There is no end to the improvements we can make to our sales materials. Even when we have a piece that works great, there are always further refinements we can make that will bump up the response rate.
With my own clients, I’m always testing changes to sales pieces. You have to, because with time even the best piece will begin to lose its effectiveness. Language begins to sound dated; cultural references get old; your prospects’ interests change; the makeup of your target population evolves. With a target that’s always moving, you have to keep adjusting your aim.
But one thing you have to be prepared for is that not every change brings a huge increase in response – and that’s not a bad thing. Some marketers make the mistake of thinking that only a major increase in response is worthwhile. They want to get a home run every time or they don’t see the value in even bothering to make any changes. But in my experience a lot of little base hits can be very effective, and may often be the best you can expect.
For example, we know that an increase in response of ½ a percent can be considered quite respectable. If your normal response rate is 2 percent, getting a ½ a percent jump is a 25% increase overall. In terms of numbers, that means out of a 10,000 piece mailing, you’d get an additional 50 orders.
That would be great. We would all love to see results like that! But that’s not always what you get. It’s not unusual to make one change (like adding a second color to a piece) that leads to a bump of only .10% – which would be one additional order from 1,000 pieces mailed, or 10 more orders from a 10,000 piece mailing. Okay, that doesn’t sound like much, but . . .
The Little Things Add Up!
I know an increase of a tenth of a percent sounds pretty small, but you should not be discouraged by this kind of outcome. In fact, you should consider it a great finding. Now you just have to find some more variables that do the same thing for you.
Let’s say that in your continuous testing you carefully test a large number of variables and you find five different changes, each of which yields a .1% increase. These might include adding the second color, including a bonus for ordering within 10 days, changing the headline a bit, adding a picture of the product, and adding a couple of testimonials.
You put all the changes together in one piece, and guess what? They have a cumulative effect. Five times .1% gives you a total increase of .5% – which was the home run you were looking for. But it was all because of those little base hits.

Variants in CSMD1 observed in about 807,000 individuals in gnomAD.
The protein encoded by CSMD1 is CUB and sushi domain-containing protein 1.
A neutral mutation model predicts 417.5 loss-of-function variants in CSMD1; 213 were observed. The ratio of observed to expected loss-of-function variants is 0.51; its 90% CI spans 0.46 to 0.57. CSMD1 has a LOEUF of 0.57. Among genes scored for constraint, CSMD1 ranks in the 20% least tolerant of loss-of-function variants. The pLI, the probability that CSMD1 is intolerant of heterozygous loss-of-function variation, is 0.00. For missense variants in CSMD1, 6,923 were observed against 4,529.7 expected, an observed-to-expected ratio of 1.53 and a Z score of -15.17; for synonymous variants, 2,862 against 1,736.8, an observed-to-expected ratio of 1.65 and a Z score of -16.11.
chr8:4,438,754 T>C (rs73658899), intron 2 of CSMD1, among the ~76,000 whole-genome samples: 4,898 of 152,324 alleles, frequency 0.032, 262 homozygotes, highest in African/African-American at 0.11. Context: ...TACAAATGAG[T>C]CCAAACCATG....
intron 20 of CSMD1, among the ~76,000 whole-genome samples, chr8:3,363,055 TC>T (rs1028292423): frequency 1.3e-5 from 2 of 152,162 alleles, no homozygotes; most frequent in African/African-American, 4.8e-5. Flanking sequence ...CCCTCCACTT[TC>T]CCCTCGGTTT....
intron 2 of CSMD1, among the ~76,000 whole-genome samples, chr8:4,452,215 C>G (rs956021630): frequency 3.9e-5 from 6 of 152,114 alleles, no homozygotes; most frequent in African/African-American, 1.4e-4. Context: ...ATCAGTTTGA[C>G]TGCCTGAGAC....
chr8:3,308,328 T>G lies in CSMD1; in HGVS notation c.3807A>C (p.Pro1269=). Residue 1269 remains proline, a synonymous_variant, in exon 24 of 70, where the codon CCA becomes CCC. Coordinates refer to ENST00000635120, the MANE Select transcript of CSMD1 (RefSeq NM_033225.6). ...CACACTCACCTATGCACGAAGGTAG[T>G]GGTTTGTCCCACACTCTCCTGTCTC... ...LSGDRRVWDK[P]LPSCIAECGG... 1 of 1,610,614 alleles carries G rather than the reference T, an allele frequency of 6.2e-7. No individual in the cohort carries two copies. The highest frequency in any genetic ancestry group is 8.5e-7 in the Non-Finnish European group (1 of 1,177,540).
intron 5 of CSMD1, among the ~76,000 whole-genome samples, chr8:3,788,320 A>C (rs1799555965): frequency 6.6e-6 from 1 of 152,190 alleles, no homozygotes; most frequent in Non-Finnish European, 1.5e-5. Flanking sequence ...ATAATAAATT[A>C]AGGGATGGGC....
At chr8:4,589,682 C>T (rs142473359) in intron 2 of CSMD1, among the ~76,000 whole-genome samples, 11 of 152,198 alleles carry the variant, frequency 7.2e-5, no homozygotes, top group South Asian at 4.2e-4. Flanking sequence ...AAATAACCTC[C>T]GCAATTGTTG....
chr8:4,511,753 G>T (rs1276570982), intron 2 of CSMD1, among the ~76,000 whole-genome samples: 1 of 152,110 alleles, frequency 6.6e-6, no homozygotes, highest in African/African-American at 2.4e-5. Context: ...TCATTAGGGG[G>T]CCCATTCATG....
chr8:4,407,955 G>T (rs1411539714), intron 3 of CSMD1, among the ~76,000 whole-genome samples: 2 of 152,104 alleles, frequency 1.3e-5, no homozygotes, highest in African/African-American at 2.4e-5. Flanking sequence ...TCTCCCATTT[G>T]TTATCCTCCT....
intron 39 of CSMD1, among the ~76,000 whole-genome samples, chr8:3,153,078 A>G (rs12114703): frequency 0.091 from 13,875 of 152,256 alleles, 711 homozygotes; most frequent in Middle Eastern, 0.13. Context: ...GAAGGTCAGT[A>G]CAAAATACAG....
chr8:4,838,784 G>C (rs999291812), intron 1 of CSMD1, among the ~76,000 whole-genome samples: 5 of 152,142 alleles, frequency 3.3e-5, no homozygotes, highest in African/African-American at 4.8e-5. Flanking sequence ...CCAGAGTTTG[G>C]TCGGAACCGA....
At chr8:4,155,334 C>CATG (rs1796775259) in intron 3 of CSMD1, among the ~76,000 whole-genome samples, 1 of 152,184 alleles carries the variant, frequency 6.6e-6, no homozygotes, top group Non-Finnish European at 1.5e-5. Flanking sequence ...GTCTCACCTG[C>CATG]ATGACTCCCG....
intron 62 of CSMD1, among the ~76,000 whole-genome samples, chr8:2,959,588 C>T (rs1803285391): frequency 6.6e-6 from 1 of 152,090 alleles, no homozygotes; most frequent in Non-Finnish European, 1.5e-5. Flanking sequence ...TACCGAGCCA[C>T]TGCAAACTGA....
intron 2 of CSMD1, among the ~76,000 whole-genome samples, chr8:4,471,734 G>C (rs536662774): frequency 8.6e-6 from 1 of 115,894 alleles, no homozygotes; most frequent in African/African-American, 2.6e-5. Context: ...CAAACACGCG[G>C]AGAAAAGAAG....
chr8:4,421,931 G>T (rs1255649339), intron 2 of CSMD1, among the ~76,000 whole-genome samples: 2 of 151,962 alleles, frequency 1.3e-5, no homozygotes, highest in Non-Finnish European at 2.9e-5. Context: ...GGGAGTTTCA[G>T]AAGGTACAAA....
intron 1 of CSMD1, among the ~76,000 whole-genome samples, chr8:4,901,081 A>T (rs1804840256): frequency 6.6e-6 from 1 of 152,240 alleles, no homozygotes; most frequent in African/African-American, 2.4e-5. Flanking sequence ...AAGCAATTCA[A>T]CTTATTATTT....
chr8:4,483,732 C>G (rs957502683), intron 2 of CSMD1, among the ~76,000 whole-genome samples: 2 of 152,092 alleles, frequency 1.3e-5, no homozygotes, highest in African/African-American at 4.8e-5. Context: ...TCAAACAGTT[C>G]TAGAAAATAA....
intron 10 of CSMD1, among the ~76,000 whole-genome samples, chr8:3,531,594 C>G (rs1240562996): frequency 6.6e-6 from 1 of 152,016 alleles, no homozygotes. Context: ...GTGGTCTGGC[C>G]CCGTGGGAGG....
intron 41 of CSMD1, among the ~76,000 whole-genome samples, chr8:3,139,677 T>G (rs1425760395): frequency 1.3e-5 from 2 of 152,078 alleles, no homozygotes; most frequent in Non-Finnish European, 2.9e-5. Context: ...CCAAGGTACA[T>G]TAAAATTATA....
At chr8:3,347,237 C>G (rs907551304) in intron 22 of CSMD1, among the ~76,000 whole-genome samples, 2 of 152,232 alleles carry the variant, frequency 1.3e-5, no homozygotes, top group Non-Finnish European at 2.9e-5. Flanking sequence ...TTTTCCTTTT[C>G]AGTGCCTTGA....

To have a great cumulative result like this you have to have a plan for uncovering all those powerful little pieces, and that’s where testing comes in.
How to Test
Your plan for testing is to vary just one variable at a time so that you can test out the results. If you have a large enough list to mail to, you can carefully split up your names into different groups, where each group tests a different variable, but you can mail all the pieces at one time so you’re not extending your testing over too long a period of time.
If you only have a small list, you may have to use a different mailing to test each variable, which isn’t ideal. If your testing is spread over too long a time, things could change. And if you’re mailing to the same people over and over (say, your house list), that could skew results as well.
With each test you do, you want to take the piece you’re using now – what we call your control piece – and compare that to a test piece that differs in the one variable you’re testing. Send the two pieces to two groups of prospects who are equivalent in terms of demographics, etc. Then compare the results.
Here’s a sample test setup, and to keep it simple, we’ll just look at two variables. Let’s say you want to test using a two-color format vs. a one-color format, and offering a bonus vs. not offering a bonus. The wrong way to run your test would be to divide your list with two pieces like this:
Version A: One-color format with no bonus
Version B: Two-color format with a bonus.
With a setup like this, each piece represents too many variables. If Version B does better, you won’t know if it’s because of the color, the bonus, or some combination of the two variables. You’ll still have to go back and test again.
But that doesn’t mean you can’t test both variables. You just have to break up your list into groups logically, and with two variables, that means four separate groups are required (do you see why you need a larger number of names?)
Here’s how to split your test groups so you will know exactly what each variable did and how they worked together:
Version A: One-color format with no bonus
Version B: One-color format with bonus
Version C: Two-color format with no bonus
Version D: Two-color format with bonus
Now you’ve got it set up so you can test for each individual variable and how they interact. For example, suppose you get results like this:
Version A: 23 orders
Version C: 30 orders
Version B: 35 orders
Version D: 42 orders
Now you can see that the one-color format with no bonus did the poorest. The two-color version with no bonus did a little better. The one-color format with the bonus did better still – so the bonus is more important than color. But the two-color version with the bonus did the very best, so the two variables worked together to bring stellar results – in fact, a home run!
With even more variables, you’d need a more complex design. The idea is to test every possible combination against every other. Again, you are limited by the size of your mailing list.
But getting back to the point of this article, even small improvements, when combined with other small improvements, can really boost your sales.
So test, test, test, and turn your small base hits into home runs!